Director: Anna Boden & Ryan Fleck
Starring: Brie Larson, Samuel L. Jackson & Ben Mendelsohn
Review Author: Shaun
With the massive success of DC’s Wonder Woman, the MCU has followed suit with its first female lead outing with Brie Larson taking charge as Captain Marvel aka Carol Danvers. Being that Avengers: Endgame is right around the corner, Marvel is on a mission to tie up any loose ends and introduce the new character before the release of the fourth team up super showdown. Although before we can see our favourite characters (well what’s remaining of them) strike back at Thanos, Marvel first has to establish it’s new leading lady which set up the difficult task of creating a new Phase 1 movie right in the center of Phase 4. Captain Marvel acknowledges early on that this is taking the fun route, the fun itself is created using very old MCU techniques.
Leading up to the film I’ve seen others comment and praise the film’s visual effects, however, in my experience this wasn’t the case. Disney is usually spot on with the CGI and effects but for Captain Marvel, they seemed to be sloppy and off-putting especially in third act final battle. Maybe they used all their budget de-aging the cast or it could have been the cinema which I was in. Where the special effects do shine the brightest is Captain Marvel’s way of powering up like she’s a Super Saiyan or most impressive is the unnoticeable way of making a younger Nick Fury (Samuel L Jackson). I was completely convinced that is was a young Samuel L Jackson who just walked off the set of Pulp Fiction. In recent years the jump in quality of how they do this is both scary and amazing.
In the performance department, there wasn’t a particular performance that you could heavily criticize. Brie Larson, who is a talented actress, is having a blast. Just from her performance, you can tell that she is eager to fill this role and in scenes with Nick Fury, Captain Marvel becomes this amalgamation of superhero and buddy film, which is a refreshing perspective from other MCU films. Samuel L Jackson needs nothing said about his role as Nick Fury, he just owns it. A big surprise is a performance from Ben Mendelsohn as the shapeshifting Skrull, Talos, especially later on in the film when his character becomes more integral to the story.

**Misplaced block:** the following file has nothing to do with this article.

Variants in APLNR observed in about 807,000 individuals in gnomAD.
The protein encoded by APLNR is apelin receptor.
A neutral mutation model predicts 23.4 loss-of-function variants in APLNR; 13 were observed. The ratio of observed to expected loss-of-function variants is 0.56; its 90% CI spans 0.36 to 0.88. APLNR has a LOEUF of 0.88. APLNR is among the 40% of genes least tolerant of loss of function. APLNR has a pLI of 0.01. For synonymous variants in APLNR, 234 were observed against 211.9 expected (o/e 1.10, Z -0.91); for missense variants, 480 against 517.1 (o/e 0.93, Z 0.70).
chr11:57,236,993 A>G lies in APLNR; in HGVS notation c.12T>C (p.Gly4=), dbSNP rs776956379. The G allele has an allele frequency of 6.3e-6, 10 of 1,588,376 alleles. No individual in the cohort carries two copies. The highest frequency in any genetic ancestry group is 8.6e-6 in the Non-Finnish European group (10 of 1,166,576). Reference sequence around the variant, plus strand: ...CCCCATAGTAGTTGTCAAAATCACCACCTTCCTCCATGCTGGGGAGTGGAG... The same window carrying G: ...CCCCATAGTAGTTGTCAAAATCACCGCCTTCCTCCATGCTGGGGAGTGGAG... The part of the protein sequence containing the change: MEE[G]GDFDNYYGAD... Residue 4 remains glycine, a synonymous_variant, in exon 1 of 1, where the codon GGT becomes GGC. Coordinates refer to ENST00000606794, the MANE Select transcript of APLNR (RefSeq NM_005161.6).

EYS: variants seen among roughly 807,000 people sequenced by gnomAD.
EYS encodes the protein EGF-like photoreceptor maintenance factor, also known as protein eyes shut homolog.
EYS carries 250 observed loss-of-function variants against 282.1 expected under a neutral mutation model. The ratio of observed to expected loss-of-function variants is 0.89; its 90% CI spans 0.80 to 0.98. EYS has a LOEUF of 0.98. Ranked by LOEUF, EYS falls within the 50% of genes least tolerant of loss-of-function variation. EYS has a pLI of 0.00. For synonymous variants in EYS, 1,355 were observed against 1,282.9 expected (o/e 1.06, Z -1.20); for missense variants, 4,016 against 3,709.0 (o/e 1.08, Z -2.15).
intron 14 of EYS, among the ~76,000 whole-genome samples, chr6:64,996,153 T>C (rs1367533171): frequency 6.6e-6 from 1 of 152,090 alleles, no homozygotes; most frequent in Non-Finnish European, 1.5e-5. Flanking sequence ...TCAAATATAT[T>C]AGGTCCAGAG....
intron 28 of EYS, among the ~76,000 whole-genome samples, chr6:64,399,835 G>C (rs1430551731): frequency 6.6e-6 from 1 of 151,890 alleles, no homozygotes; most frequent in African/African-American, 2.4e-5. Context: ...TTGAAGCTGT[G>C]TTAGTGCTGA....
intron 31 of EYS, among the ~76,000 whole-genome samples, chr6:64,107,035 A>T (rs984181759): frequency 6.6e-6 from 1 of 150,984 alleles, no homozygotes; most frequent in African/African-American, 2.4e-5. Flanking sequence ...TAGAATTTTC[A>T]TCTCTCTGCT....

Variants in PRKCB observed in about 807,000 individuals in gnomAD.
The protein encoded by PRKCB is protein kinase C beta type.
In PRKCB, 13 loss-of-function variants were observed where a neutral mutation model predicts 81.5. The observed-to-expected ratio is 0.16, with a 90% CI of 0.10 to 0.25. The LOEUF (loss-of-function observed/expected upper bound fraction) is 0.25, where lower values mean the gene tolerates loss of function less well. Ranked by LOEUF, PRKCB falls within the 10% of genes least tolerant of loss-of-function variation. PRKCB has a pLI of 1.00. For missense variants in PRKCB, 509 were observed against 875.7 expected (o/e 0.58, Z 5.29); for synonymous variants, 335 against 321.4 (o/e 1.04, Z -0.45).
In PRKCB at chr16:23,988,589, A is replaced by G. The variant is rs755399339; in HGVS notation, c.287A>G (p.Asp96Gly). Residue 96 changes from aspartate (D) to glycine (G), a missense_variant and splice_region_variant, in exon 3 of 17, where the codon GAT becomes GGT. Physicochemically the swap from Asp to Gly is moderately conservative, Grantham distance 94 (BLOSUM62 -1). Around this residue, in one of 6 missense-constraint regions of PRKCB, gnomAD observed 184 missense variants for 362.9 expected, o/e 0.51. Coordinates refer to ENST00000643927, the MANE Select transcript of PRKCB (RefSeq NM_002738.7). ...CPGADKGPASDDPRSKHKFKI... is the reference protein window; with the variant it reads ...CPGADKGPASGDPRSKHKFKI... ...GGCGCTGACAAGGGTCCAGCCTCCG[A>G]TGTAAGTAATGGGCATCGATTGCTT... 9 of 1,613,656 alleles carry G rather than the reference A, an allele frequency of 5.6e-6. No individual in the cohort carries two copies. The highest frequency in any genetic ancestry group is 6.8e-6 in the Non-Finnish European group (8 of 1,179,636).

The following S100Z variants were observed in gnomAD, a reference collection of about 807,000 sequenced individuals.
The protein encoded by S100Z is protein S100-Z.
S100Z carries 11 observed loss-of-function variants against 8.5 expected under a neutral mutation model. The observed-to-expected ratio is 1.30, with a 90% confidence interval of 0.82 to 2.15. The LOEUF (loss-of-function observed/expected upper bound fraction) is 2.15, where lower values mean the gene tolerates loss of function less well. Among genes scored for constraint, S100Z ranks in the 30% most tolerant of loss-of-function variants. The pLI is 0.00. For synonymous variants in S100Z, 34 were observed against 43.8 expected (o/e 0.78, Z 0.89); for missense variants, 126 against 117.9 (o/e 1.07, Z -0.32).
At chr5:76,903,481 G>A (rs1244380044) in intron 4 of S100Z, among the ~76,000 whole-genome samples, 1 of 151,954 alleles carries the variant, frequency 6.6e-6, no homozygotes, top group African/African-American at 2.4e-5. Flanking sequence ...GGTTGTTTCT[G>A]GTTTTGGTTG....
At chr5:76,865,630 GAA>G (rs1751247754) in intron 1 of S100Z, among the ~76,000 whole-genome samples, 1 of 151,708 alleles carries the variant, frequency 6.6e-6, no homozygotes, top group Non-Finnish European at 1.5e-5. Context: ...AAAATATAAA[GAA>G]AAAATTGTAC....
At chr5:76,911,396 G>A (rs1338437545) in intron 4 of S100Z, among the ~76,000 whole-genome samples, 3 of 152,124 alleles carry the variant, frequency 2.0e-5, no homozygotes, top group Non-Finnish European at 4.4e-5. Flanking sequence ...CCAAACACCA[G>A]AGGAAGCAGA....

The 90’s nostalgia is in an abundance here and it doesn’t shy away from it. Normally I’m quite critical when a film uses nostalgic references, I find it a cheap way of connecting with the audience and most of the time, these focused reveals have no narrative value to them. However, I’ll admit that at least we’ve moved on from the tidal wave of 80’s nostalgia and the film does work the 90’s nostalgia into its comedy. There’s a great scene in which the characters need to listen to an audio file from an integral plot point of the film, but the computer is taking forever to load. Now, this is a great use of 90’s nostalgia, addressing and poking fun at a common occurrence in said era, whilst also solving one of the mysteries of the narrative.
Creatively the film feels uninspiring. There’s no push to creating something memorable in the long run which is a real shame. The action scenes whilst visually okay, they’re not going to be remembered alongside some of the true spectacles this universe has produced. The Kree-Skrull War is a big part of the narrative but is introduced to us as though we’re supposed to have seen this before. It may have been briefly mentioned before in the MCU but the key word there is briefly, the context offered to this war is wafer thin and felt very underwhelming due to lack of buildup, it rushed into it hoping that fans will have read the comics or online articles beforehand.
When you look back at the past 11 years of MCU films, especially the directors, you can see a lot of nurtured talent. Each director brings their own presentation and style of filmmaking to benefit their respective characters. Ryan Coogler brought some urban flair and attitude to Black Panther, James Gunn did comedic wonders with Guardians of the Galaxy & Taika Watiti revitalized Thor: Ragnarök with great vibrancy and offbeat humour. But I find there is a struggle of who really gets the reigns; the director or the studio? Unfortunately this time I don’t think directors Anna Boden & Ryan Fleck were expressing their filmmaking skills as much as they could have done, with this being another example of unfortunate indie directors on the leash of a studio.
I’m trying to avoid the recent controversy surrounding this film because regardless of whether I initially like or dislike the film for whatever reasons, I always walk into a cinema theatre rooting for the film to be good. Honesty is a precious thing and in my honest opinion, I think people are going to be entertained by Captain Marvel. You have all round decent performances & you also get a young Samuel L Jackson. It’s just lacking in creativeness with little to make it stand out from the rest of the MCU. Overall it’s a fine superhero movie which is worth a watch especially if you like good character banter, like myself!
Rating: 2.5 / 5 Top Gun’s